Have you ever found yourself in the middle of an argument and had a strong feeling that something was very wrong with the point your opposition was making, but you couldn’t pinpoint exactly what it was?
Chances are, if you had known the logical fallacy they were guilty of committing, you’d have been much better equipped to have a productive philosophical conversation.
On today’s episode, we take a look at several common logical fallacies. We analyze what they mean and how they are used in the context of an argument, and then we provide tons of examples that illustrate how to spot the fallacies. The goal here is to give you more confidence in your ability to practically use the raw information that we talk about on the show every week, and to have an episode you can return back to and refresh your memory if you ever forget them. See the full transcript of this episode here.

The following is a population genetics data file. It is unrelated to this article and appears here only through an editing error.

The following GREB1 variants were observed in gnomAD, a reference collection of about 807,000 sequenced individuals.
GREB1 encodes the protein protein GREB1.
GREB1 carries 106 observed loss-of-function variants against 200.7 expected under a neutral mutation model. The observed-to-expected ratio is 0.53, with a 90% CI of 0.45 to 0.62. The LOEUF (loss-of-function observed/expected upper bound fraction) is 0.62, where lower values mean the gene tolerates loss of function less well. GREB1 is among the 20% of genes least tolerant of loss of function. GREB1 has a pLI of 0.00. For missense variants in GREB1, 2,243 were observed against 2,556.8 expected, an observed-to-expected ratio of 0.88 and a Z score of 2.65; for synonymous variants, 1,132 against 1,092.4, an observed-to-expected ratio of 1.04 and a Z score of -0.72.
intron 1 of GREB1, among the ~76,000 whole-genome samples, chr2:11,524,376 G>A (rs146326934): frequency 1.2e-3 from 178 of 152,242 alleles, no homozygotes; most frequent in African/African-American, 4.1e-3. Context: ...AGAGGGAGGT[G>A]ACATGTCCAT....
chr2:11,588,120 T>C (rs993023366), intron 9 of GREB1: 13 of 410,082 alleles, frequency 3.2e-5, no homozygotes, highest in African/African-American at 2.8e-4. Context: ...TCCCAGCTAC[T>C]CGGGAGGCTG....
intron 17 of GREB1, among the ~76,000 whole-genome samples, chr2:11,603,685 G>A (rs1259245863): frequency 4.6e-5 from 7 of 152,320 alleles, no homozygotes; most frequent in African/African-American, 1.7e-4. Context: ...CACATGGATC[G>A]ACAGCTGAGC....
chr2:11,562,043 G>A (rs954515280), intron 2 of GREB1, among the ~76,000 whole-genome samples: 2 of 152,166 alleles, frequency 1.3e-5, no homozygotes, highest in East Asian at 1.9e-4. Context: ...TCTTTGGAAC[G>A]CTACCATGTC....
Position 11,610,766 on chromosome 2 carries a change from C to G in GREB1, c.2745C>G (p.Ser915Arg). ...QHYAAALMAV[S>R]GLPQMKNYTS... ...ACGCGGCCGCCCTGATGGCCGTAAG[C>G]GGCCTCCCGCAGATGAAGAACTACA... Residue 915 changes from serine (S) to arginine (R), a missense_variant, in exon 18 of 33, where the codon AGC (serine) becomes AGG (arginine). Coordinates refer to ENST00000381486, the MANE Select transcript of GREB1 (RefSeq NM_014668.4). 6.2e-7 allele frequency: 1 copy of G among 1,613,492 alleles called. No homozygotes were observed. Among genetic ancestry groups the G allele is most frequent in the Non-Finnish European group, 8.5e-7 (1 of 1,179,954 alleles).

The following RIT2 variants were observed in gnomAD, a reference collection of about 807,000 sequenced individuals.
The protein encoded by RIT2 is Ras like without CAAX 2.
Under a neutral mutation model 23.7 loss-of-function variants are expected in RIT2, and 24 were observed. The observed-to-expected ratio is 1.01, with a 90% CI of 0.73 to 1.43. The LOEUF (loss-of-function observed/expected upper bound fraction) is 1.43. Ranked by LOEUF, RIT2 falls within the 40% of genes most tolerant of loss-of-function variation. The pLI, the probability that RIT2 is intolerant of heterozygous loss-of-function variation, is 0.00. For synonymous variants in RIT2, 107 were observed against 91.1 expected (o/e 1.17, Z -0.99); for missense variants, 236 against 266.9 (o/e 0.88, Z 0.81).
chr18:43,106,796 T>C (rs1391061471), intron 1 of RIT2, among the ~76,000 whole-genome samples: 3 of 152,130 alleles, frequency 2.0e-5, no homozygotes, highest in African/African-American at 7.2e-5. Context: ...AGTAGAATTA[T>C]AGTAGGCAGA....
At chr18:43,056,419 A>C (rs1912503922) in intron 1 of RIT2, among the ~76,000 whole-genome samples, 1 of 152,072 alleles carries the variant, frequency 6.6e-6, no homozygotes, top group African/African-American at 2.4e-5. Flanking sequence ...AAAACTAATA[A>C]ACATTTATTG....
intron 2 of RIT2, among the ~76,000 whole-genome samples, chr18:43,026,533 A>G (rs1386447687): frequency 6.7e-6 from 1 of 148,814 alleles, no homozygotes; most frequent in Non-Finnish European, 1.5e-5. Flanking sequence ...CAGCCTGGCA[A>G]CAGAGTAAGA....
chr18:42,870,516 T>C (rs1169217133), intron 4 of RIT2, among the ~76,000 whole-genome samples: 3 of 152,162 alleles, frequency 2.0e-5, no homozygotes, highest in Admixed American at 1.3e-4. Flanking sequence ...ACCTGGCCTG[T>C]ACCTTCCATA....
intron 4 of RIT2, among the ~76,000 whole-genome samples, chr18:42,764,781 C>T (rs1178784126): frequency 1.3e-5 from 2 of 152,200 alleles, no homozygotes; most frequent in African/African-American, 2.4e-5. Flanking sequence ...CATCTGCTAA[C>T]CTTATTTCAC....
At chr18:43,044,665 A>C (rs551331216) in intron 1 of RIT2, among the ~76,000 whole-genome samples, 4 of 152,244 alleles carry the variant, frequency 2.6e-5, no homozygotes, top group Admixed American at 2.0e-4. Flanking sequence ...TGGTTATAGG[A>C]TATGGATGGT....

A fallacy is a kind of error in reasoning. Fallacies should not be persuasive, but they often are. Fallacies may be created unintentionally, or they may be created intentionally in order to deceive other people. The vast majority of the commonly identified fallacies involve arguments, although some involve explanations, or definitions, or other products of reasoning. Sometimes the term “fallacy” is used even more broadly to indicate any false belief or cause of a false belief. (source)
Further Reading on Logical Fallacies:
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